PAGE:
Tag Archives: Free Fiction

Angry Robot Books: Free Fiction Extract No 2: Slights by Kaaron Warren

As promised, here’s the second extract, this time from the forthcoming and very-creepy-looking Slights! 🙂 Haven’t given it a read yet myself, but have already got it on my Blackberry in the Mobipocket application. 🙂




What should have happened was this:We got a taxi home.

This is what did happen: We went out for lunch to spend Mum’s lottery win – she won just enough for a slap up meal. Food rich and creamy, chicken breast with camembert, salad with blue cheese dressing, a bottle of sweet wine, champagne, port. We laughed and joked; talked loudly. Mum was in a good mood, not a nagging one. The waiter pretended we were sisters, and that made her giggle. We just babbled on. We had no idea this was our last meal together.

“What do you think of my haircut?” I asked her.
“I wouldn’t go back to that hairdresser, if I were you, Stephanie,” Mum said. She had a fleck of parsley on her lip and when she talked it wobbled.
“I know. Stupid bitch. I said I wanted a change and she does this to me.”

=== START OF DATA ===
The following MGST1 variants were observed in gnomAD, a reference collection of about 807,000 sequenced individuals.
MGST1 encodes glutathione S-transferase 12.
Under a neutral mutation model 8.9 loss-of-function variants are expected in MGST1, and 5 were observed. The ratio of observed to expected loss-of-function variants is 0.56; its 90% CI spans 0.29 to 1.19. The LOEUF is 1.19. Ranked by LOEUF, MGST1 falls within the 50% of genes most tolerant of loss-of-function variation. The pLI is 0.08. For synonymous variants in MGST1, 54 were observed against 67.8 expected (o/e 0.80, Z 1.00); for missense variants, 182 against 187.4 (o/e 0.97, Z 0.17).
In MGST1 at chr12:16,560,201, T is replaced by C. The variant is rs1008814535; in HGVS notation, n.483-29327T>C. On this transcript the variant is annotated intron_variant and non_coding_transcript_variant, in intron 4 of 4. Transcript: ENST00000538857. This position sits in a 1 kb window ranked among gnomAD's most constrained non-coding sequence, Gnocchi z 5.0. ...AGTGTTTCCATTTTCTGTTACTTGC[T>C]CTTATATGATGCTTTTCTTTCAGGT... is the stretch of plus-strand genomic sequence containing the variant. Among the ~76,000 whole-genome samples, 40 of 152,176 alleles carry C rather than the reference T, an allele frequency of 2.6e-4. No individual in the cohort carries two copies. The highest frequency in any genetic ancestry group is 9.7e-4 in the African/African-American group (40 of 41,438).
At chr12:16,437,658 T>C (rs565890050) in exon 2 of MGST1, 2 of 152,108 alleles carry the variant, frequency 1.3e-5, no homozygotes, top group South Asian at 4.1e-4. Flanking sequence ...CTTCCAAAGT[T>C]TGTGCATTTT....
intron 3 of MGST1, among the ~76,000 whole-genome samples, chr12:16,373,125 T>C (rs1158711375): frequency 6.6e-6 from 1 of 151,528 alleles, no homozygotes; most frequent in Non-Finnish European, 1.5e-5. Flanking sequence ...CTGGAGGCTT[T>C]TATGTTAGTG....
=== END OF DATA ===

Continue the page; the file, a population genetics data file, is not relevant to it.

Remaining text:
I had splurged and asked the hairdresser to give me a new style. She wanted to cut inches off, saying, “Once you pass eighteen, you have to be more careful.”
I said, “Fine.” How old did she think I was? She snip snipped. Dark, wet entrails of my hair fell onto her thighs, criss-crossed the diamonds of
her fishnet stockings. I couldn’t take my eyes off her.
The hairdresser said, “You know, you’ve got the sort of face which would suit a good red colour. You need a bit of a lift at the moment. Everything looks a bit flat. And maybe we should have a go at
your eyebrows.”
She was a very slim girl. Her hair was black, cut like a metal helmet. She wore a tight silver T-shirt, a thick corduroy skirt, the fishnet stockings. She sat in a rolling chair, travelling around my body like I
was an island, snip snip. She spoke incessantly, complained of slight after slight.
She sighed. “Anyway, I’m sure you’re not interested.”
I looked up from her thigh and she wasn’t happy with me. She dried my hair without speaking, then held the mirror up for me to see. I said nothing.

“Are you happy with that?” she said.
“You are kidding me,” I said.
It shocked her. I suppose you’re meant to lie. I paid her even though she made me look like a fucking bimbo. All this from a woman who told me, confidentially, that she thought reading novels wasn’t smart because it’s all just made up.
“What do you read?” I asked her.
“Oh, I love my magazines,” she said. “I can read them over and over, there’s always something different.”
Mum laughed and called me a fibber.